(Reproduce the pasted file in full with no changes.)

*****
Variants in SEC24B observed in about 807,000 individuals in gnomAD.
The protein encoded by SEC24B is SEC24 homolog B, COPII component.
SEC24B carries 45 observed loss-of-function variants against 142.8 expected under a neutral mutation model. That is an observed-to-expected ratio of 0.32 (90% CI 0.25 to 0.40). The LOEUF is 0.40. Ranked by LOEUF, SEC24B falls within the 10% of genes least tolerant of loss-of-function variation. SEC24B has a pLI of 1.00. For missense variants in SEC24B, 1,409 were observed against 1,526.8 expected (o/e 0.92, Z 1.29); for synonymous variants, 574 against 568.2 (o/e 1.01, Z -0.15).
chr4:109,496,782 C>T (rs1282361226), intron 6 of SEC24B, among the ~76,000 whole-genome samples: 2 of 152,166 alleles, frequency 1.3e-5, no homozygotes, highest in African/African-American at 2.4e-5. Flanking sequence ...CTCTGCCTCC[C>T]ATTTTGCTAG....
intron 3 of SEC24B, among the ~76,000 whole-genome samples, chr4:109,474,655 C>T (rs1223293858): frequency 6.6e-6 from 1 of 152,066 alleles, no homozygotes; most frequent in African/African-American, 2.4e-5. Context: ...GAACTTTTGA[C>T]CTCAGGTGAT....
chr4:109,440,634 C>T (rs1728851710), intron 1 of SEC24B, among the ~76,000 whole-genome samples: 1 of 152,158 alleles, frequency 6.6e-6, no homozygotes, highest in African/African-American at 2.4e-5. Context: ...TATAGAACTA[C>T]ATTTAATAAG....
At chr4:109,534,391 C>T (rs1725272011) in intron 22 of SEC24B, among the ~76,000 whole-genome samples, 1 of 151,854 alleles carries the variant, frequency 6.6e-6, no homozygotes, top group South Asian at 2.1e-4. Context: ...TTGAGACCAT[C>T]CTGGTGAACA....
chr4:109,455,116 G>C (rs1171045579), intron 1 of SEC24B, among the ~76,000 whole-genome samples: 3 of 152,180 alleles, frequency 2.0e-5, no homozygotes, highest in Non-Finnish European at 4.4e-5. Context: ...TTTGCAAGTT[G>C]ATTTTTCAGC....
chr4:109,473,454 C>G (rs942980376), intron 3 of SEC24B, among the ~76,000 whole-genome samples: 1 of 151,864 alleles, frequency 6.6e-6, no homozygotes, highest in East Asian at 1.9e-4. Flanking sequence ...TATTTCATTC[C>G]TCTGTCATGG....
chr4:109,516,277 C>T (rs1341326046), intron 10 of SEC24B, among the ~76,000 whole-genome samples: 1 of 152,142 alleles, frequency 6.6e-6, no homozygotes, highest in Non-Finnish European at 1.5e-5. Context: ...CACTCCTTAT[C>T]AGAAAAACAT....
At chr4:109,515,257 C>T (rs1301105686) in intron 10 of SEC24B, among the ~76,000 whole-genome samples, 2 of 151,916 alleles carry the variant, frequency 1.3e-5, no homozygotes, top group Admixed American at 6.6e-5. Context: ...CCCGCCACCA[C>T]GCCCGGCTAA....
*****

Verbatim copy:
Variants in SEC24B observed in about 807,000 individuals in gnomAD.
The protein encoded by SEC24B is SEC24 homolog B, COPII component.
SEC24B carries 45 observed loss-of-function variants against 142.8 expected under a neutral mutation model. That is an observed-to-expected ratio of 0.32 (90% CI 0.25 to 0.40). The LOEUF is 0.40. Ranked by LOEUF, SEC24B falls within the 10% of genes least tolerant of loss-of-function variation. SEC24B has a pLI of 1.00. For missense variants in SEC24B, 1,409 were observed against 1,526.8 expected (o/e 0.92, Z 1.29); for synonymous variants, 574 against 568.2 (o/e 1.01, Z -0.15).
chr4:109,496,782 C>T (rs1282361226), intron 6 of SEC24B, among the ~76,000 whole-genome samples: 2 of 152,166 alleles, frequency 1.3e-5, no homozygotes, highest in African/African-American at 2.4e-5. Flanking sequence ...CTCTGCCTCC[C>T]ATTTTGCTAG....
intron 3 of SEC24B, among the ~76,000 whole-genome samples, chr4:109,474,655 C>T (rs1223293858): frequency 6.6e-6 from 1 of 152,066 alleles, no homozygotes; most frequent in African/African-American, 2.4e-5. Context: ...GAACTTTTGA[C>T]CTCAGGTGAT....
chr4:109,440,634 C>T (rs1728851710), intron 1 of SEC24B, among the ~76,000 whole-genome samples: 1 of 152,158 alleles, frequency 6.6e-6, no homozygotes, highest in African/African-American at 2.4e-5. Context: ...TATAGAACTA[C>T]ATTTAATAAG....
At chr4:109,534,391 C>T (rs1725272011) in intron 22 of SEC24B, among the ~76,000 whole-genome samples, 1 of 151,854 alleles carries the variant, frequency 6.6e-6, no homozygotes, top group South Asian at 2.1e-4. Context: ...TTGAGACCAT[C>T]CTGGTGAACA....
chr4:109,455,116 G>C (rs1171045579), intron 1 of SEC24B, among the ~76,000 whole-genome samples: 3 of 152,180 alleles, frequency 2.0e-5, no homozygotes, highest in Non-Finnish European at 4.4e-5. Context: ...TTTGCAAGTT[G>C]ATTTTTCAGC....
chr4:109,473,454 C>G (rs942980376), intron 3 of SEC24B, among the ~76,000 whole-genome samples: 1 of 151,864 alleles, frequency 6.6e-6, no homozygotes, highest in East Asian at 1.9e-4. Flanking sequence ...TATTTCATTC[C>G]TCTGTCATGG....
chr4:109,516,277 C>T (rs1341326046), intron 10 of SEC24B, among the ~76,000 whole-genome samples: 1 of 152,142 alleles, frequency 6.6e-6, no homozygotes, highest in Non-Finnish European at 1.5e-5. Context: ...CACTCCTTAT[C>T]AGAAAAACAT....
At chr4:109,515,257 C>T (rs1301105686) in intron 10 of SEC24B, among the ~76,000 whole-genome samples, 2 of 151,916 alleles carry the variant, frequency 1.3e-5, no homozygotes, top group Admixed American at 6.6e-5. Context: ...CCCGCCACCA[C>T]GCCCGGCTAA....